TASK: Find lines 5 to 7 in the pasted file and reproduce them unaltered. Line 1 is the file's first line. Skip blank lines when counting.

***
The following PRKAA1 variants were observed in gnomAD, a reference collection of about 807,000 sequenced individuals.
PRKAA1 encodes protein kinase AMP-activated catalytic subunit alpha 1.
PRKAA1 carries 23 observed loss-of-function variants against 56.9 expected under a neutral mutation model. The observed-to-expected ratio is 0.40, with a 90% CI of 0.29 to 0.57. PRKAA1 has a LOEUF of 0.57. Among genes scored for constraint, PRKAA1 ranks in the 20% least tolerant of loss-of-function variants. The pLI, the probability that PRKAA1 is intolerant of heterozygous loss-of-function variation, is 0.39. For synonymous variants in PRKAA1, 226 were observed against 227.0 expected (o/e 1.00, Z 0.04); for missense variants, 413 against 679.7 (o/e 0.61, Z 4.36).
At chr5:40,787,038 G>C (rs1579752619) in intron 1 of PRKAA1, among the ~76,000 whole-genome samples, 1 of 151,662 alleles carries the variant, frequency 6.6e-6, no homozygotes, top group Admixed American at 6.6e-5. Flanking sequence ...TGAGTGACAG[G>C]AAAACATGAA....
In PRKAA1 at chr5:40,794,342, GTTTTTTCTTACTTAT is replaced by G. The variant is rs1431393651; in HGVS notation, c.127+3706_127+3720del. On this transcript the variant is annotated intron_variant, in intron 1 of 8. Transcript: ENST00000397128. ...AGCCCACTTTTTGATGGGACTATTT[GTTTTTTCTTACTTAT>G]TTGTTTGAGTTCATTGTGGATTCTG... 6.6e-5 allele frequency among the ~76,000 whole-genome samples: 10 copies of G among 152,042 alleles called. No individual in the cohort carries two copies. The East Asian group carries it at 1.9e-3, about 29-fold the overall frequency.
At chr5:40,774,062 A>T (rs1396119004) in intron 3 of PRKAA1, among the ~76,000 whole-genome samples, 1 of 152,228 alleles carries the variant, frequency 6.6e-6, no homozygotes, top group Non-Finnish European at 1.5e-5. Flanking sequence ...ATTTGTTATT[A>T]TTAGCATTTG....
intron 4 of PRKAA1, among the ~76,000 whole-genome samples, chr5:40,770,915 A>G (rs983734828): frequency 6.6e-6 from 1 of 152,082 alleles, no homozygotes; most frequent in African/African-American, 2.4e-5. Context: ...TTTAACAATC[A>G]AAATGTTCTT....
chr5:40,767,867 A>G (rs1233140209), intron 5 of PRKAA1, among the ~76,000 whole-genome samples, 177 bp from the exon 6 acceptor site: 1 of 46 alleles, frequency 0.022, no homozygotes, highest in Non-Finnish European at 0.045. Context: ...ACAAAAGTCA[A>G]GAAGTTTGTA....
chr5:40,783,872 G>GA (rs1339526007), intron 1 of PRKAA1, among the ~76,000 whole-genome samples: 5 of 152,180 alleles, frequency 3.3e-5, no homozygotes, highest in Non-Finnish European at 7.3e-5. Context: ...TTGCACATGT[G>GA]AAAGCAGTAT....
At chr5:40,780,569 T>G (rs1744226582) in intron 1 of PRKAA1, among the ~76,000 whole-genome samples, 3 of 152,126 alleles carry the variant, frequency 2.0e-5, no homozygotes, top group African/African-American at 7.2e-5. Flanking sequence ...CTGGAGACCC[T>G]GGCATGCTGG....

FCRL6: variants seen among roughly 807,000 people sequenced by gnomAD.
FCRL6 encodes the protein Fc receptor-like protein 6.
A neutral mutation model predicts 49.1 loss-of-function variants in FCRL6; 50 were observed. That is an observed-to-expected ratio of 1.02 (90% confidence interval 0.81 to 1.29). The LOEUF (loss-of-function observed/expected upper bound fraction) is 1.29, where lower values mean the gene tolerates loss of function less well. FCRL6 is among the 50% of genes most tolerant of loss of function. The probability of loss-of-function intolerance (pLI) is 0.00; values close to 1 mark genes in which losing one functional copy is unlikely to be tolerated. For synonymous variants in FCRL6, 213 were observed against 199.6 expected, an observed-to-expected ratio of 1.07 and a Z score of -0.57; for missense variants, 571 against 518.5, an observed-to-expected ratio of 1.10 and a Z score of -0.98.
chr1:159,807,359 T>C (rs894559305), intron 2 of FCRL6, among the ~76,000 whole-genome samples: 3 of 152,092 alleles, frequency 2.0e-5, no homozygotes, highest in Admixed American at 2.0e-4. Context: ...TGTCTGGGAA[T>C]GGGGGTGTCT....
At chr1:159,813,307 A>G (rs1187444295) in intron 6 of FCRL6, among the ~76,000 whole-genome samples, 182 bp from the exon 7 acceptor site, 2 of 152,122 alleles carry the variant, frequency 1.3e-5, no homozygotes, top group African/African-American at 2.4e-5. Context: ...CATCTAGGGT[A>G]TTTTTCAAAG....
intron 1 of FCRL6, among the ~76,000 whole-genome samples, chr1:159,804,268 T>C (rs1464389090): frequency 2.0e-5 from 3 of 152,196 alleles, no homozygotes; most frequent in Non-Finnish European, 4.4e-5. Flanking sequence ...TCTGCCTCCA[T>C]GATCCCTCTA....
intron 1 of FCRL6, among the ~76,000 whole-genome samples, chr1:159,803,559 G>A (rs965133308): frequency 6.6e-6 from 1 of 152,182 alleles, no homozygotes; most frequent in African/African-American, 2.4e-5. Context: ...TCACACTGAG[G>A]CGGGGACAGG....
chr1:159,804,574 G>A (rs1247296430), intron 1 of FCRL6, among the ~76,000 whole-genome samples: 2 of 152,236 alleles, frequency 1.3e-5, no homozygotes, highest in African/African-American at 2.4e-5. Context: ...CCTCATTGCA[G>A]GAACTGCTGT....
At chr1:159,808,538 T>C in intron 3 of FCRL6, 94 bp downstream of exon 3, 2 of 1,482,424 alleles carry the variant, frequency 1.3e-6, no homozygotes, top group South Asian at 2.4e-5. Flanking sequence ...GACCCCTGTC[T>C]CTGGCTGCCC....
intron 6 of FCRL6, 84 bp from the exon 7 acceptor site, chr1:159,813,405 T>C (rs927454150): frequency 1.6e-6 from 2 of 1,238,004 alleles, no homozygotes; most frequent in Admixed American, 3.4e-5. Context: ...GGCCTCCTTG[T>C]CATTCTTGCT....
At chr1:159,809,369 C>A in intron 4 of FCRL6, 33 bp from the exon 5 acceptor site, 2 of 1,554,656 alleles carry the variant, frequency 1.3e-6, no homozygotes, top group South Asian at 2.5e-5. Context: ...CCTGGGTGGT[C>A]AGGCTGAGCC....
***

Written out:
In PRKAA1 at chr5:40,794,342, GTTTTTTCTTACTTAT is replaced by G. The variant is rs1431393651; in HGVS notation, c.127+3706_127+3720del. On this transcript the variant is annotated intron_variant, in intron 1 of 8. Transcript: ENST00000397128. ...AGCCCACTTTTTGATGGGACTATTT[GTTTTTTCTTACTTAT>G]TTGTTTGAGTTCATTGTGGATTCTG... 6.6e-5 allele frequency among the ~76,000 whole-genome samples: 10 copies of G among 152,042 alleles called. No individual in the cohort carries two copies. The East Asian group carries it at 1.9e-3, about 29-fold the overall frequency.
At chr5:40,774,062 A>T (rs1396119004) in intron 3 of PRKAA1, among the ~76,000 whole-genome samples, 1 of 152,228 alleles carries the variant, frequency 6.6e-6, no homozygotes, top group Non-Finnish European at 1.5e-5. Flanking sequence ...ATTTGTTATT[A>T]TTAGCATTTG....
intron 4 of PRKAA1, among the ~76,000 whole-genome samples, chr5:40,770,915 A>G (rs983734828): frequency 6.6e-6 from 1 of 152,082 alleles, no homozygotes; most frequent in African/African-American, 2.4e-5. Context: ...TTTAACAATC[A>G]AAATGTTCTT....